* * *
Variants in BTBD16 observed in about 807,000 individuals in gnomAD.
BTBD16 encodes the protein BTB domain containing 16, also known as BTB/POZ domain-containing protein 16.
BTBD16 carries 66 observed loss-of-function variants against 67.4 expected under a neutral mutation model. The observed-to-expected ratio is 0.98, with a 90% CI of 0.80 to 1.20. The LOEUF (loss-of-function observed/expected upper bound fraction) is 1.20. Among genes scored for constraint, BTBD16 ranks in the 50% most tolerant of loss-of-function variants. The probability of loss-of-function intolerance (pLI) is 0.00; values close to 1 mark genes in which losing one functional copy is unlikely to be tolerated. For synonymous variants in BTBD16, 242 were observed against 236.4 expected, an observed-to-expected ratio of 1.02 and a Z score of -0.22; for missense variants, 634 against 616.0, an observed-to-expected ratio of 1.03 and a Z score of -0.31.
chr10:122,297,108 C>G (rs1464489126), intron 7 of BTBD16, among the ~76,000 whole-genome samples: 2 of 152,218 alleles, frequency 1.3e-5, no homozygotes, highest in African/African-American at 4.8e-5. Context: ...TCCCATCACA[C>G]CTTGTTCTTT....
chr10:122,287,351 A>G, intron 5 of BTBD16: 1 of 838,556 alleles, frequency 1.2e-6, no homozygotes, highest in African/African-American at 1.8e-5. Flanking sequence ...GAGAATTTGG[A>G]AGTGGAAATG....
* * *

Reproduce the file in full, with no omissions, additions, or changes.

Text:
Variants in BTBD16 observed in about 807,000 individuals in gnomAD.
BTBD16 encodes the protein BTB domain containing 16, also known as BTB/POZ domain-containing protein 16.
BTBD16 carries 66 observed loss-of-function variants against 67.4 expected under a neutral mutation model. The observed-to-expected ratio is 0.98, with a 90% CI of 0.80 to 1.20. The LOEUF (loss-of-function observed/expected upper bound fraction) is 1.20. Among genes scored for constraint, BTBD16 ranks in the 50% most tolerant of loss-of-function variants. The probability of loss-of-function intolerance (pLI) is 0.00; values close to 1 mark genes in which losing one functional copy is unlikely to be tolerated. For synonymous variants in BTBD16, 242 were observed against 236.4 expected, an observed-to-expected ratio of 1.02 and a Z score of -0.22; for missense variants, 634 against 616.0, an observed-to-expected ratio of 1.03 and a Z score of -0.31.
chr10:122,297,108 C>G (rs1464489126), intron 7 of BTBD16, among the ~76,000 whole-genome samples: 2 of 152,218 alleles, frequency 1.3e-5, no homozygotes, highest in African/African-American at 4.8e-5. Context: ...TCCCATCACA[C>G]CTTGTTCTTT....
chr10:122,287,351 A>G, intron 5 of BTBD16: 1 of 838,556 alleles, frequency 1.2e-6, no homozygotes, highest in African/African-American at 1.8e-5. Flanking sequence ...GAGAATTTGG[A>G]AGTGGAAATG....